• $1 million in the Department of Justice for Lemoore Police Dispatch Center project to improve response times to emergency calls and increase overall safety and security.
  • $3 million to the Community Action Partnership of Kern for the Kern Food Bank Expansion to better respond to food insecurity and provide increased support and assistance to some of the poorest communities in Kern County.
  • $3.04 million for Earlimart Public Utility District to install a new sanitary sewer line that would increase wastewater collection capacity and a well treatment improvement project to provide safer and improved drinking water to Earlimart.
  • $413,000 in the Department of Justice for Kings County Deputy Sheriffs’ Body Camera project to fund the purchase and deployment of body-worn cameras for 200 officers.
  • $3 million for Mt. Whitney Avenue Complete Streets to provide safe, walkable infrastructure by reconstructing the road and repairing curbs, gutters, sidewalks and storm drains.

Congressman Valadao was proud to back the following initiatives that were included in the bill:

  • Championing rural communities, agriculture, and water for the Central Valley:
    • $117.25 million for Bureau of Reclamation WIIN Act water storage projects.
    • Continues funding for NIFA and provides an additional $1 million for ARS to prioritize broad spectrum research for soil fumigant alternatives.
    • Language to exclude incarcerated persons from rural development populations.
    • $1.25 billion in Section 502 Direct, Single Family Housing Loans within the Rural Housing Service.
    • $28 million in Section 514 Farm Labor Housing loans under the Rural Housing Service.
    • $1.4 billion is provided for Rural Water and Wastewater Direct Loans, $50 million in guaranteed Water and Wastewater Loans, and $653 million for loan subsidies and grants within the Rural Utilities Service.
    • $490 million is provided for Water and Waste Disposal Grants, an increase of $27 million, within the Rural Utilities Service.
  • Supporting our military, law enforcement, and keeping communities safe:
    • $75.07 million for Lemoore Naval Air Station to complete Hangar 6 Phase 2, which will allow NAS Lemoore to support the mission requirements for the F-35.
    • $413,000 in the Department of Justice for a Kings County, California, Deputy Sheriffs’ Body Camera project.
    • $512 million for Department of Justice Community Oriented Policing Services (COPS) programs, including $246 million for COPS Hiring grants.
    • $674.5 million for the Department of Justice Byrne Justice Assistance Grant (JAG) program.
    • $276 million is provided for border technology, including mobile, autonomous surveillance technology, cross‐border tunnel threats, and geospatial capabilities.
    • $296.6 million of the Office of National Drug Control Policy High Intensity Drug Trafficking Areas program.
  • Supporting education and Central Valley families:
    • $11.03 billion for Head Start in the Administration for Children and Families.
    • $3 million for Migrant and Seasonal Head Start Quality funding in the Administration for Children and Families.
    • $5,835 for the maximum Pell grant award in the Department of Education.
    • $1.14 billion for the TRIO program in the Department of Education.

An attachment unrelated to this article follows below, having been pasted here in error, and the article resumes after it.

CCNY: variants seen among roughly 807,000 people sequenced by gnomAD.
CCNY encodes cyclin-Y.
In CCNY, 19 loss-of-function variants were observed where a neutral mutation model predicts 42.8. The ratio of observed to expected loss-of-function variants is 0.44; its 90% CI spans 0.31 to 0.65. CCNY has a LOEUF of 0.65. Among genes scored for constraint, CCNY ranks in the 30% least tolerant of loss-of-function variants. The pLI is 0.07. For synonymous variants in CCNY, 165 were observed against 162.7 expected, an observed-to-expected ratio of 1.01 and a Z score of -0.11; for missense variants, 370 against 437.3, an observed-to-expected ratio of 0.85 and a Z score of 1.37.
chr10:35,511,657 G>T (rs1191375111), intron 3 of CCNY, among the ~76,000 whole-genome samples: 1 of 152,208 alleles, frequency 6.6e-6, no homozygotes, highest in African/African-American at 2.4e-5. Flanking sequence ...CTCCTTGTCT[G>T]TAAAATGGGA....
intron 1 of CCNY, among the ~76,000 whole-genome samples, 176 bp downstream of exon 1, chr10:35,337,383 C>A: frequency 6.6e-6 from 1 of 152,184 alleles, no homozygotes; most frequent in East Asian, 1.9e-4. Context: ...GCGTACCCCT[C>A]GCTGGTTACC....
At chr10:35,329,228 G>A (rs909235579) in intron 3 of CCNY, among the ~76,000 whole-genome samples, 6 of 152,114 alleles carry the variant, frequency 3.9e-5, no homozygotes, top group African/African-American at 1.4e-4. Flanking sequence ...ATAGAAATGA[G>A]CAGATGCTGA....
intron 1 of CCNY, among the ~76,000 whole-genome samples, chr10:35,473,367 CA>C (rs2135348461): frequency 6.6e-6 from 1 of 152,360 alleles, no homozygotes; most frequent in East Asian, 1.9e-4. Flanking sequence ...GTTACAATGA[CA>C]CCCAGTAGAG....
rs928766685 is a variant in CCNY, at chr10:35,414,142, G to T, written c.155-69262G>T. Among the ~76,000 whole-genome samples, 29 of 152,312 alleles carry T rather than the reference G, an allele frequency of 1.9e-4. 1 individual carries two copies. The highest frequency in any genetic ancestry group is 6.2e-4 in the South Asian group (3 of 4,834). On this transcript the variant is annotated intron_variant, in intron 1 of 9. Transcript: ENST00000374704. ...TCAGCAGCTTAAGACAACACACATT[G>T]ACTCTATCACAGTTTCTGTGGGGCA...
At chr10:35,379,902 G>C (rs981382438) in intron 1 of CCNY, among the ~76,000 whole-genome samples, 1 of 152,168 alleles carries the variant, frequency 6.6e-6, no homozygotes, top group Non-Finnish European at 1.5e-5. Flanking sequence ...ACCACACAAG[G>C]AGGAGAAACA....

$14 million is provided for Education Grants for Hispanic Serving Institutions, an increase of $2.5 million

2022-03-10T09:48:49-08:00March 10th, 2022|

Grape Experts Give Workshops on Drought Preparedness, Red Blotch

By UCANR

Grapevine Drought Preparedness Workshop

Grape growers and other industry members interested in grape production and water management in vineyards are invited to UC Cooperative Extension’s Grapevine Drought Preparedness Workshops.

The workshops will be held in person on Friday, March 4, in San Luis Obispo and Friday, April 1, in Hopland.

Registration is $50 and includes a full day of live instruction from UC Cooperative Extension viticulture and grapevine experts. Lunch will be provided.

For more information and to register, visit https://ucanr.edu/sites/ShortCourse17.

UC Davis Grapevine Red Blotch Disease Symposium

On Wednesday, March 16, UC Cooperative Extension and the UC Davis Department of Viticulture and Enology will host a Grapevine Red Blotch Disease Symposium 9 a.m.-3:30 p.m.

Red blotch disease in grapevines, which can dramatically reduce the value of winegrapes, harms plants by inhibiting photosynthesis in the leaves. Infected vines are unable to conduct water effectively, leaving sugar that is created by photosynthesis stuck in the leaves instead of in the berries.

This event will be presented both in person at the UC Davis Conference Center and livestreamed for those unable to attend in person.

Presentations will cover the role of treehoppers, treatments, mitigation strategies, the impact of the disease on the composition of wine, and more.

Registration is $250 for the in-person symposium at UC Davis and $150 for the livestream. An application for 3.5 CCE units has been submitted to California Department of Pesticide Regulation and is pending approval.

To see the agenda and to register, visit https://wineserver.ucdavis.edu/events/uc-davis-grapevine-red-blotch-disease-symposium.

2022-02-24T09:14:03-08:00February 24th, 2022|

Westlands Water District Statement on Initial CVP Water Allocation

Today the Bureau of Reclamation announced an initial allocation of 0% for Westlands Water District and other south-of-Delta Central Valley Project (CVP) irrigation contractors. This is the fourth time in the last decade the south-of-Delta irrigation contractors have received a 0% allocation. Despite significant precipitation in the fall and early winter, the 2021-22 water year is likely to be classified as dry. January and February were exceptionally dry. The District is disappointed with the allocation but is aware that hydrologic conditions, including low CVP reservoir storage conditions at the beginning of the water year and record low precipitation in January and February, and Reclamation’s obligation to meet Delta water quality and outflow standards imposed by the State Water Resources Control Board, prevent Reclamation from making water available under the District’s contract.